The driver who hit the girls had stated that he did not see them as he approached the intersection, and that just prior to the collision, he had looked down to change the music that was playing. The trial court found that it was because of the driver’s negligence that the accident occurred. It also relied on the city’s expert witness and an unrelated case in finding on behalf of the city that there was no issue of material fact, and it thus entered summary judgment.

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In a very difficult to discuss fact scenario, Arroyo v. Plosay, 225 Cal. App. 4th 279 (2014), the California Court of Appeals, 2nd Dist., reached a decision regarding the disposition of a case that alleged wrongful death and medical malpractice in the treatment of a woman whom plaintiffs suspected had been wrongfully declared dead, and then somehow suffered injuries to her face.

The relevant complaint for the appeal claimed that the decedent was taken to the hospital (defendant), where she received treatment for cardiac arrest, acute myocardial infarction, and hypertension. Shortly thereafter, the decedent was pronounced dead by hospital employees. The family was then brought in to say their goodbyes before her body was taken to the morgue. When workers for the mortuary that the family had selected by came to pick up the body, they found the decedent lying facedown with a broken nose and facial lacerations and contusions. The injuries had not been present when she had been transported to the hospital, nor when the family saw the decedent after she had been declared dead. The mortuary informed the family of the injuries in the course of preparing the body for the funeral.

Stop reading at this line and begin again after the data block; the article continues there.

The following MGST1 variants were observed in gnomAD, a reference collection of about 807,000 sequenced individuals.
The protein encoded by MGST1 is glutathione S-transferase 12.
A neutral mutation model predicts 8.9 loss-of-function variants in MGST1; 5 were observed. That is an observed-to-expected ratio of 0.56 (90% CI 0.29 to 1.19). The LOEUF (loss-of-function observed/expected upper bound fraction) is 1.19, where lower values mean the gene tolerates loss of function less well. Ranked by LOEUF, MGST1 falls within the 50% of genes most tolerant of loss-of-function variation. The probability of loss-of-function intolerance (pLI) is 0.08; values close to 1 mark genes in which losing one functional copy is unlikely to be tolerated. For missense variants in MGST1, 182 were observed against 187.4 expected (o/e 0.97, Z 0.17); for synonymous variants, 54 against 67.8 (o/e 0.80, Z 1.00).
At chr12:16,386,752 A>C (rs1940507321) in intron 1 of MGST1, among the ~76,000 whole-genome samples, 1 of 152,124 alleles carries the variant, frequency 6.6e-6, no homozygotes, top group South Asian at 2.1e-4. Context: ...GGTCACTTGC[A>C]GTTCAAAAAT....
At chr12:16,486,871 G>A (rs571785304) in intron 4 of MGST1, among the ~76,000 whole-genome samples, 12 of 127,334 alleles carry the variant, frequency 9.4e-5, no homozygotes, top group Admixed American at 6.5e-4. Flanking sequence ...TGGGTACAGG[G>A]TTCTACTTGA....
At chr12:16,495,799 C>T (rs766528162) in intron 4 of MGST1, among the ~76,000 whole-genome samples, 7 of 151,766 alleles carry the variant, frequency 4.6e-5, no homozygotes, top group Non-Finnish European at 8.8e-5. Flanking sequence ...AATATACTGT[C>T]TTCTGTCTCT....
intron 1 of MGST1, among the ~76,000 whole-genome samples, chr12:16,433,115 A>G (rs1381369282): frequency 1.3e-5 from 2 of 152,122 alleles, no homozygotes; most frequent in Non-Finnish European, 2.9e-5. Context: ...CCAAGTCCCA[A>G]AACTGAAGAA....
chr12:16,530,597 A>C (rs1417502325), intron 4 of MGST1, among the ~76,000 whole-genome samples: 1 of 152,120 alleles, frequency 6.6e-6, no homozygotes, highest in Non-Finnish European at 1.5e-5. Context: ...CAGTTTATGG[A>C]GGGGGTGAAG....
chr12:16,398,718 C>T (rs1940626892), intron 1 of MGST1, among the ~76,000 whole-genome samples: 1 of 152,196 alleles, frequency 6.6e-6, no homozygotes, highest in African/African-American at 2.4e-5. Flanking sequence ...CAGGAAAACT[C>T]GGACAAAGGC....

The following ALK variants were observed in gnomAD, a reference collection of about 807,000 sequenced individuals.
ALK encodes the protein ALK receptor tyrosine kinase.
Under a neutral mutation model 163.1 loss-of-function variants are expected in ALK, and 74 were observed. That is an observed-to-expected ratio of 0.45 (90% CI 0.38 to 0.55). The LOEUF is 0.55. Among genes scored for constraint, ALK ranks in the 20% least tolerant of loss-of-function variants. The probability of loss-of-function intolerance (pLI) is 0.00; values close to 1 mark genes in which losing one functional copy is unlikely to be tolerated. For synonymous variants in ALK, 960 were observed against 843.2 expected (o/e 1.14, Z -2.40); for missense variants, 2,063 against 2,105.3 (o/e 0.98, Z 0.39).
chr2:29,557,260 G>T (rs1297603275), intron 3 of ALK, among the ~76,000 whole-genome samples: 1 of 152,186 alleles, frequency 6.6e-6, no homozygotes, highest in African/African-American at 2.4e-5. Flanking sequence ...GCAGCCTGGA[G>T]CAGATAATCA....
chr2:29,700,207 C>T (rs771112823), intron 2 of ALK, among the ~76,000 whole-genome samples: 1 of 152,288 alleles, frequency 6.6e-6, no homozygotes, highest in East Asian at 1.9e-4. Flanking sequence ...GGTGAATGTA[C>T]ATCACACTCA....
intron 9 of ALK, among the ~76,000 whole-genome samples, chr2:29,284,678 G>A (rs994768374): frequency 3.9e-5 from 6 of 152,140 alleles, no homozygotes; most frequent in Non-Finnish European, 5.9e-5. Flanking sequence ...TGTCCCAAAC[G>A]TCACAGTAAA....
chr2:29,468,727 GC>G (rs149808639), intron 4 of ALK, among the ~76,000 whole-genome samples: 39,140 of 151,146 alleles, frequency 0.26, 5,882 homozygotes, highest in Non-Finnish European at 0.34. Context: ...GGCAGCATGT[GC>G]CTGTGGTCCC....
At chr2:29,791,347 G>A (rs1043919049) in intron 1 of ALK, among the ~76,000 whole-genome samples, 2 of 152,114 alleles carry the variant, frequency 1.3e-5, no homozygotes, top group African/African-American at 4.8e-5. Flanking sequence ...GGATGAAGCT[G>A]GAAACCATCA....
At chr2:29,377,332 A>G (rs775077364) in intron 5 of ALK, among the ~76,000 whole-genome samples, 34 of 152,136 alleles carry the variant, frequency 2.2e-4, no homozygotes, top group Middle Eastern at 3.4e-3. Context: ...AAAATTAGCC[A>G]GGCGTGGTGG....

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The California Court of Appeal for the 2nd District, recently issued an instructive opinion on the area of medical malpractice wrongful death cases.

In the case, Tam v. Garfield Med. Ctr., Inc., Cal. Ct. App., 2nd Dist. (2014), the plaintiff’s father, Mr. Tam, was involved in a serious car accident and suffered severe injuries to his abdomen and shoulder. He was diagnosed in the emergency room department with peritonitis, hypotension, and fluid in the abdomen. Just before he was to undergo emergency surgery, he was given a dose of morphine, which caused his blood pressure to plummet, sending him into cardiac arrest. He then became unconscious and remained in a coma until surgery. After the surgery, he was sent to the intensive care unit to recover, but he remained in a deep coma and died shortly thereafter.